Plants and soils in a warmer Arctic – Scientific Expedition to Spitsbergen
Svalbard – also known as Spitsbergen – is a very special place on Earth. It is located 1000 kilometers north of the South Pole. It harbours a very unique ecosystem. However, it is now threatened by the world's fastest rate of climate warming. In the last 50 years this region has experienced an annual mean temperature rise of 4 degrees Celsius. These changes also affect Svalbard flora.
In August 2019 a group of researchers from ETH Zurich and from the Norwegian Institute of Nature Research set out for an expedition to the Svalbard settlements to study the interactions of anthropogenic disturbances around the settlements, climate change and the effects of soil development and the local vegetation.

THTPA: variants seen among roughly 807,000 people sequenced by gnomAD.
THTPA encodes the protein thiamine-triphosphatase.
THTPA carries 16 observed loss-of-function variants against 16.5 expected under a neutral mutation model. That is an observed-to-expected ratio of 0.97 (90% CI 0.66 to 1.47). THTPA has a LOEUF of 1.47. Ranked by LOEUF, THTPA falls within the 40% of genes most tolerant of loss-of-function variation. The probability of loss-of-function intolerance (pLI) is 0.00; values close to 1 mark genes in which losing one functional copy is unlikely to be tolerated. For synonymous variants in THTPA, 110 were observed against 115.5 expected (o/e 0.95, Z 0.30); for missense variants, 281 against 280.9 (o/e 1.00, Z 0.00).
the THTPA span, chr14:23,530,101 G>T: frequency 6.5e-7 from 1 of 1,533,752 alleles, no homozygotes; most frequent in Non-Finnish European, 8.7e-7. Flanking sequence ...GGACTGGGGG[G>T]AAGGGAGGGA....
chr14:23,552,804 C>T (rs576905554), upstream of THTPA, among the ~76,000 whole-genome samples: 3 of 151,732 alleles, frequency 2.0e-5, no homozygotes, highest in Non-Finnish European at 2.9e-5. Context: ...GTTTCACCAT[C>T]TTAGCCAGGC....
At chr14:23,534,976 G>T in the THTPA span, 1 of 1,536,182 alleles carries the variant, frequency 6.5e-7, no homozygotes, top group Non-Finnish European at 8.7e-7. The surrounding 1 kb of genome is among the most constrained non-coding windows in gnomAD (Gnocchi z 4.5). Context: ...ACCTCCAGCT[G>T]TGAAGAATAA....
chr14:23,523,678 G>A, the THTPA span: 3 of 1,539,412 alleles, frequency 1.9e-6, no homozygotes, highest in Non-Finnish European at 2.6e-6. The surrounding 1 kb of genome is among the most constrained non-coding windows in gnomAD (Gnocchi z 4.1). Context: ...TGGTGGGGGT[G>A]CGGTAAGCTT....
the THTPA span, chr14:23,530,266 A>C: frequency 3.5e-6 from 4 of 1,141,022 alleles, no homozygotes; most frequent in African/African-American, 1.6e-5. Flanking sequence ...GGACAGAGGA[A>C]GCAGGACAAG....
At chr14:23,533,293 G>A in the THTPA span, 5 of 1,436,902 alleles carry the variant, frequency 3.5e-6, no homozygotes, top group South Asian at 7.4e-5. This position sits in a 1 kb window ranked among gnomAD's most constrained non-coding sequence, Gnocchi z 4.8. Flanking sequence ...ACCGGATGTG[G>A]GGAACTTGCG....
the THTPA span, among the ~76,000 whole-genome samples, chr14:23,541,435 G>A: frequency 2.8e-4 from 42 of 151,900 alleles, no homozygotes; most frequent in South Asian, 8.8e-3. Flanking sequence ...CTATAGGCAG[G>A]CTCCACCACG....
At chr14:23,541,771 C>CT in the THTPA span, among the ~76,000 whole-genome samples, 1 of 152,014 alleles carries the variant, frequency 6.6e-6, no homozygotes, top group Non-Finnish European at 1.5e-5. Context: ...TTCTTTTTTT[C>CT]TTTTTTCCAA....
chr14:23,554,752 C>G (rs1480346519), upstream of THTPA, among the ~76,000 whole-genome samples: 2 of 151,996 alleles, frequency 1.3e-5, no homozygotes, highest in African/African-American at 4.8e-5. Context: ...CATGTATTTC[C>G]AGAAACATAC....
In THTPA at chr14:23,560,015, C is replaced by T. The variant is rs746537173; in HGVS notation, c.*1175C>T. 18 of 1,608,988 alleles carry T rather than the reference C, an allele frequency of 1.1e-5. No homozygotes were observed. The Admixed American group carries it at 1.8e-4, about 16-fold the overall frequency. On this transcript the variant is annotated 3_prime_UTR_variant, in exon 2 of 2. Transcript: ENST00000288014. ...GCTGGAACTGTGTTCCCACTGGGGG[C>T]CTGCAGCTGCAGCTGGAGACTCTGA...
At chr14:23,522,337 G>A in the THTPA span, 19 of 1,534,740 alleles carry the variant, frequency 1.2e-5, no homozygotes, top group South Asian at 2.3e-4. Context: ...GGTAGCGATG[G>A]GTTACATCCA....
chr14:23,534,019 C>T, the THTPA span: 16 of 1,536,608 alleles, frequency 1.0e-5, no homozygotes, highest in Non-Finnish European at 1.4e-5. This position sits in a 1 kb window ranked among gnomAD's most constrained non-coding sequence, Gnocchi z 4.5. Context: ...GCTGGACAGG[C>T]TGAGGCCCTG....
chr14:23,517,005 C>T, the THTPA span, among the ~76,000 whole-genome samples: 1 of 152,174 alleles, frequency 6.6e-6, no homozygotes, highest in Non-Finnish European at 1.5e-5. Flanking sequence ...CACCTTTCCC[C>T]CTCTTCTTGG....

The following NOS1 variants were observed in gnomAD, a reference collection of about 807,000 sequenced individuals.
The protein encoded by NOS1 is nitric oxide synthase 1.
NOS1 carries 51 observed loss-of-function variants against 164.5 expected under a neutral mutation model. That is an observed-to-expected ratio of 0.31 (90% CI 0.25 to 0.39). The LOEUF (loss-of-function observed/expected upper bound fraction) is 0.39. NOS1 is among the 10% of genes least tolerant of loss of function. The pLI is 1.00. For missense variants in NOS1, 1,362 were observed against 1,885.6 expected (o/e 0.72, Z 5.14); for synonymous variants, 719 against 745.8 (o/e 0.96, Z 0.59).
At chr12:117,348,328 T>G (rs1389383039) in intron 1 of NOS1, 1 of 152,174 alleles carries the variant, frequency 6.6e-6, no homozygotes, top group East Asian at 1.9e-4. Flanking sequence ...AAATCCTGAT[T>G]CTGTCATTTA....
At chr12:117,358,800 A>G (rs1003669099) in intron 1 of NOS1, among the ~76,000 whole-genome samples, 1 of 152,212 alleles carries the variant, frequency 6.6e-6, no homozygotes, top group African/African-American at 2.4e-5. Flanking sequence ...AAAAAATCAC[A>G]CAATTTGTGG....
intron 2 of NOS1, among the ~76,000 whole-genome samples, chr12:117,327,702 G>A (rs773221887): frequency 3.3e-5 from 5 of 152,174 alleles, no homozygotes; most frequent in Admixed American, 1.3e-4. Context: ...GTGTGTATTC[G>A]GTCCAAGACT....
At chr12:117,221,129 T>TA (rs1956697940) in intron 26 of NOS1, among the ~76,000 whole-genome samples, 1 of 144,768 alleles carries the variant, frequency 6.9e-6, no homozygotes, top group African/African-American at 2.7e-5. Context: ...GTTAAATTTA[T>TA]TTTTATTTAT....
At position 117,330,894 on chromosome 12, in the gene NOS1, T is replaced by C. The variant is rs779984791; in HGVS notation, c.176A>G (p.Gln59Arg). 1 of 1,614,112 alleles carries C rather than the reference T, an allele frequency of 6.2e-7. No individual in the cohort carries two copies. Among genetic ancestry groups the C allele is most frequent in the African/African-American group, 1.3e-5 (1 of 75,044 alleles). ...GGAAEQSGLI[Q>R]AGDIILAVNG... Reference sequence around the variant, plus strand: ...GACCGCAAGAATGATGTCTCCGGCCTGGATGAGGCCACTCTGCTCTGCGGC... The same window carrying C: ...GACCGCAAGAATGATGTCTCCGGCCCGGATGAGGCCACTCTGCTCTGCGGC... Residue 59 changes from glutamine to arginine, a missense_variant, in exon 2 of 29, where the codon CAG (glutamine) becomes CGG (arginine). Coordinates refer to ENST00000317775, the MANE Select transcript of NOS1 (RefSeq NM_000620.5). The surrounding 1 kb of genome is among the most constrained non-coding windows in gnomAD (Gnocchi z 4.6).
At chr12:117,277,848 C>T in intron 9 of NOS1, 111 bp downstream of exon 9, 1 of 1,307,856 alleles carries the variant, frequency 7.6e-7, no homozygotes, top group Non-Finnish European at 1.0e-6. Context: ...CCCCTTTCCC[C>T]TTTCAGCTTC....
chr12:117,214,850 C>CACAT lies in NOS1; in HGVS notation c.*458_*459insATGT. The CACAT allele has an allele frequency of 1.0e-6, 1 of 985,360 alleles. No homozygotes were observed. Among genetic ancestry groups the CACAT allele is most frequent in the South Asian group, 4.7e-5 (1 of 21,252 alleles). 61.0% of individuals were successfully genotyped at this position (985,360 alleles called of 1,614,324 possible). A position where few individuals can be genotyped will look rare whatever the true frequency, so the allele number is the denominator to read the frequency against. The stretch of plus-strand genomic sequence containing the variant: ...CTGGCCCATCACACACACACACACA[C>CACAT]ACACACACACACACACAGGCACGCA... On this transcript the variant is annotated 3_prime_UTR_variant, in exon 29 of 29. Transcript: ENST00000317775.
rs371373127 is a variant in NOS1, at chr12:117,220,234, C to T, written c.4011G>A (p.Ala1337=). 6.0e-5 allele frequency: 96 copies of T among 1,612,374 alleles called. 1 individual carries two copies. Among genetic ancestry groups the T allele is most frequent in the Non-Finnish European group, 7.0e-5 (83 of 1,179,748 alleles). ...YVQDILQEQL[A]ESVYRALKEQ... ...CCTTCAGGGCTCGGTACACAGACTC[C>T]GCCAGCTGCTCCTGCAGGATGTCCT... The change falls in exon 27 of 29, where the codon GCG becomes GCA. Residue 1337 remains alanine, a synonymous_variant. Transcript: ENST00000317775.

The ETH Zurich team of the Department of System Sciences was composed of Simone Fior from the group of Professor Alex Widmer; Professor Sebastian Dötterl and his collaborator Florian Wilken in the Soil Resources group. They recorded their expedition to Svalbard with video camera and drone. The result is an impressive documentation of scientific work in the Arctic: